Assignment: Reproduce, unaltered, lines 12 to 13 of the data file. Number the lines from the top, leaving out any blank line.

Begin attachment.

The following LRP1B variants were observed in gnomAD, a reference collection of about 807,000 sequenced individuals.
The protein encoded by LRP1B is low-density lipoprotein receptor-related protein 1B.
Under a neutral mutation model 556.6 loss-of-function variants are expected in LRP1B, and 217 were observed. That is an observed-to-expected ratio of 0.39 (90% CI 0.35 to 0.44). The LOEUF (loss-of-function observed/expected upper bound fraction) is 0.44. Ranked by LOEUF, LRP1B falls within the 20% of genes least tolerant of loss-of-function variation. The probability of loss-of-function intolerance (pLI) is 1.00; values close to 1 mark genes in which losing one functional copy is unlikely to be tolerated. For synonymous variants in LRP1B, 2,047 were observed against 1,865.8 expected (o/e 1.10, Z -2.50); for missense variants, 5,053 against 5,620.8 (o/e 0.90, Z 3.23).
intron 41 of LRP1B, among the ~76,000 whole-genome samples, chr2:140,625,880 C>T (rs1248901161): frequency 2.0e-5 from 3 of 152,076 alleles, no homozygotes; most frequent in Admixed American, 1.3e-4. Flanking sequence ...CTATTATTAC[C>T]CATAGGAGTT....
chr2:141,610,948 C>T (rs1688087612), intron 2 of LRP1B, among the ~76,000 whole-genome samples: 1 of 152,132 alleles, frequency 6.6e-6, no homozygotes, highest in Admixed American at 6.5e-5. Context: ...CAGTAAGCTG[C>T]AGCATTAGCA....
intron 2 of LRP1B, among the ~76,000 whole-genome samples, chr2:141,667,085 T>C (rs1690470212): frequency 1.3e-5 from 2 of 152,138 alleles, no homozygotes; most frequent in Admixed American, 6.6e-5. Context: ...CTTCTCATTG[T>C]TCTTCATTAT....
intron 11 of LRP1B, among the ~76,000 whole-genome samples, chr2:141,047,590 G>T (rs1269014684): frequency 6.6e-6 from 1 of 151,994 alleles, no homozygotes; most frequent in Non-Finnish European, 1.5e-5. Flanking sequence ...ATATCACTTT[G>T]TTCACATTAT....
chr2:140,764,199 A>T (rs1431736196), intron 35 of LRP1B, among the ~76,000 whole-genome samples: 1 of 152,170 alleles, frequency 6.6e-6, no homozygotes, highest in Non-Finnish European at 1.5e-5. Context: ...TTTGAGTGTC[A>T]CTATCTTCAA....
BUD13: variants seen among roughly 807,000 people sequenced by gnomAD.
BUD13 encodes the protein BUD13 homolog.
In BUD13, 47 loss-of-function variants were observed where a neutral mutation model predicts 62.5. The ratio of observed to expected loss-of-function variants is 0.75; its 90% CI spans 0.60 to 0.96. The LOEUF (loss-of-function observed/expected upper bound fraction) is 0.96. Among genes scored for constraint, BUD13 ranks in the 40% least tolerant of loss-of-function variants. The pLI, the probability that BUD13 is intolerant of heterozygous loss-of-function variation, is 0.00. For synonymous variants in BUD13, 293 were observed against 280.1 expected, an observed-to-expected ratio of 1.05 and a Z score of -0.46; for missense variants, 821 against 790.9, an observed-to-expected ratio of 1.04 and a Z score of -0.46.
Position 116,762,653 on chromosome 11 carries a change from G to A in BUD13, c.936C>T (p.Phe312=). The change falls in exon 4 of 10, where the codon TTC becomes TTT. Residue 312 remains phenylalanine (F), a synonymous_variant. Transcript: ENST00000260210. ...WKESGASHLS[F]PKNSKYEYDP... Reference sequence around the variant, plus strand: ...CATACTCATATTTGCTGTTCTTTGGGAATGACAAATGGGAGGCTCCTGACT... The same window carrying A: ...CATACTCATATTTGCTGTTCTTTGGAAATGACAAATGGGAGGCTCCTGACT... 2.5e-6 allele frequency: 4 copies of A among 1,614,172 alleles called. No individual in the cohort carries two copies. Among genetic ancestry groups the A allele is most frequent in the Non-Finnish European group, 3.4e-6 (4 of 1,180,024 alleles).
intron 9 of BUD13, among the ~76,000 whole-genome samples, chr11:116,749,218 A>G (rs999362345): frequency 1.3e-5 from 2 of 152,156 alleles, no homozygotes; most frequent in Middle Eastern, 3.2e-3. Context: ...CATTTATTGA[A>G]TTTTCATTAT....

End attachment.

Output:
Position 116,762,653 on chromosome 11 carries a change from G to A in BUD13, c.936C>T (p.Phe312=). The change falls in exon 4 of 10, where the codon TTC becomes TTT. Residue 312 remains phenylalanine (F), a synonymous_variant. Transcript: ENST00000260210. ...WKESGASHLS[F]PKNSKYEYDP... Reference sequence around the variant, plus strand: ...CATACTCATATTTGCTGTTCTTTGGGAATGACAAATGGGAGGCTCCTGACT... The same window carrying A: ...CATACTCATATTTGCTGTTCTTTGGAAATGACAAATGGGAGGCTCCTGACT... 2.5e-6 allele frequency: 4 copies of A among 1,614,172 alleles called. No individual in the cohort carries two copies. Among genetic ancestry groups the A allele is most frequent in the Non-Finnish European group, 3.4e-6 (4 of 1,180,024 alleles).
intron 9 of BUD13, among the ~76,000 whole-genome samples, chr11:116,749,218 A>G (rs999362345): frequency 1.3e-5 from 2 of 152,156 alleles, no homozygotes; most frequent in Middle Eastern, 3.2e-3. Context: ...CATTTATTGA[A>G]TTTTCATTAT....